Civil society’s concern

Print edition : August 16, 2019

Activists of the Association for Protection of Democratic Rights stage a protest in Kolkata on June 26 against the killing of Tabrez Ansari. Photo: Rajeev Bhatt

WITH the opposition yet to find its voice after the heavy drubbing it got in the Lok Sabha election, it is left to civil society of seasoned academics, illustrious film-makers, historians and social activists to focus the nation’s attention on the increasing incidents of lynching since Narendra Modi began his second innings. Nearly 50 luminaries from the world of cinema, art, activism and literature have written to the Prime Minister, drawing his attention to the misuse of the name of Rama to kill the innocent. “Ram is sacred for the majority community, stop defiling the name of Ram,” states the letter, signed by Adoor Gopalakrishnan, Aparna Sen, Anurag Kashyap, Binayak Sen, Ramchandra Guha, Goutam Ghose, Mani Rathnam, Shyam Benegal, Ketan Mehta and Shubha Mudgal, among others. They reiterated that about 90 per cent of the lynching cases had taken place after Modi assumed power in 2014.

“The lynching of Muslims, Dalits and other minorities must be stopped immediately. We were shocked to learn from the NCRB [National Crime Records Bureau] that there have been no less than 840 instances of atrocities against Dalits in the year 2016, and a definite decline in the percentage of convictions. You have criticised such lynchings in Parliament Mr Prime Minister, but that is not enough. What action has actually been taken against the perpetrators?” the agitated film-makers and artists ask, adding, “Regrettably, Jai Shri Ram has become a provocative war cry today that leads to law and order problems, and many lynchings take place in its name…. We strongly feel such offences should be made non-bailable. If life sentence without parole can be the sentence in cases of murder, why not for lynchings which are even more heinous?”

They did not confine themselves to instances of lynching, but drew the attention of the Prime Minister to a tendency to curb free speech and dub anybody who criticises the government as anti-national.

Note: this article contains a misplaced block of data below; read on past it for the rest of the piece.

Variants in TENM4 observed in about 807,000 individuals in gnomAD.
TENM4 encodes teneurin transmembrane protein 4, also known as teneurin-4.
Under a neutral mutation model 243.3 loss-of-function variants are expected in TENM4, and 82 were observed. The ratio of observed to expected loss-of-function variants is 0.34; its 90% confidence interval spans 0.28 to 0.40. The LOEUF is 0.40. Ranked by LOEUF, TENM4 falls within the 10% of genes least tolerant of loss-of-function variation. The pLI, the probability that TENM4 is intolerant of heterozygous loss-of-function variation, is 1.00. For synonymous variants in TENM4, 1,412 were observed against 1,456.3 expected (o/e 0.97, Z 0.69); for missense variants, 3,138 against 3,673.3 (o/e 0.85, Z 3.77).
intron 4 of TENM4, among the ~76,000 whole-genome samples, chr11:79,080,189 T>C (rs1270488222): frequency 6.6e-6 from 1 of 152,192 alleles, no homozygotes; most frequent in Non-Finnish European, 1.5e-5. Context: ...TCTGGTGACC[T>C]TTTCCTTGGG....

“Our Constitution describes India as a secular, socialist, democratic republic where citizens of all religions, ethnicities, gender and castes are equal. There is no democracy without dissent. People should not be branded as anti-national or urban naxal and incarcerated because of dissent against the government. Article 19 of the Constitution of India protects freedom of speech and expression, of which dissent is an integral part. Criticising the ruling party does not mean criticising the nation. No ruling party is synonymous with the country. Anti-government stands cannot be equated with anti-national sentiments.”

Ziya Us Salam

A letter from the Editor


Dear reader,

The COVID-19-induced lockdown and the absolute necessity for human beings to maintain a physical distance from one another in order to contain the pandemic has changed our lives in unimaginable ways. The print medium all over the world is no exception.

As the distribution of printed copies is unlikely to resume any time soon, Frontline will come to you only through the digital platform until the return of normality. The resources needed to keep up the good work that Frontline has been doing for the past 35 years and more are immense. It is a long journey indeed. Readers who have been part of this journey are our source of strength.

Subscribing to the online edition, I am confident, will make it mutually beneficial.

Sincerely,

R. Vijaya Sankar

Editor, Frontline

Support Quality Journalism
This article is closed for comments.
Please Email the Editor
×